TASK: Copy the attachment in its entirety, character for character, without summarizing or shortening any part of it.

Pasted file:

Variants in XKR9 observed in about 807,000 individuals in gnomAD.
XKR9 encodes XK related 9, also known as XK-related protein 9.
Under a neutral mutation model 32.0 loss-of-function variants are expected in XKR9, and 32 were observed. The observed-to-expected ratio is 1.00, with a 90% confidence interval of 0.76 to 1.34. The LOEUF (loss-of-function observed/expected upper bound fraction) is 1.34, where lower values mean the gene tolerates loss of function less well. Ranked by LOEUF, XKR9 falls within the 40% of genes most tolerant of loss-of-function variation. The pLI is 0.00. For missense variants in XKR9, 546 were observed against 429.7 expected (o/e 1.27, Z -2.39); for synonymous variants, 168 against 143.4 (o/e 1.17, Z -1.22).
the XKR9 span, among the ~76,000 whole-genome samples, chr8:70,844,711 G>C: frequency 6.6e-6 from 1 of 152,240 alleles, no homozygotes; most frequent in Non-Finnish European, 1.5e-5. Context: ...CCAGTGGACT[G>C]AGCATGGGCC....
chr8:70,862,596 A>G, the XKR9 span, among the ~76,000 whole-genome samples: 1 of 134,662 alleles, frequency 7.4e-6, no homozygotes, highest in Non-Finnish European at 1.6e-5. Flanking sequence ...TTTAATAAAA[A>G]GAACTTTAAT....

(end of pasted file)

Variants in XKR9 observed in about 807,000 individuals in gnomAD.
XKR9 encodes XK related 9, also known as XK-related protein 9.
Under a neutral mutation model 32.0 loss-of-function variants are expected in XKR9, and 32 were observed. The observed-to-expected ratio is 1.00, with a 90% confidence interval of 0.76 to 1.34. The LOEUF (loss-of-function observed/expected upper bound fraction) is 1.34, where lower values mean the gene tolerates loss of function less well. Ranked by LOEUF, XKR9 falls within the 40% of genes most tolerant of loss-of-function variation. The pLI is 0.00. For missense variants in XKR9, 546 were observed against 429.7 expected (o/e 1.27, Z -2.39); for synonymous variants, 168 against 143.4 (o/e 1.17, Z -1.22).
the XKR9 span, among the ~76,000 whole-genome samples, chr8:70,844,711 G>C: frequency 6.6e-6 from 1 of 152,240 alleles, no homozygotes; most frequent in Non-Finnish European, 1.5e-5. Context: ...CCAGTGGACT[G>C]AGCATGGGCC....
chr8:70,862,596 A>G, the XKR9 span, among the ~76,000 whole-genome samples: 1 of 134,662 alleles, frequency 7.4e-6, no homozygotes, highest in Non-Finnish European at 1.6e-5. Flanking sequence ...TTTAATAAAA[A>G]GAACTTTAAT....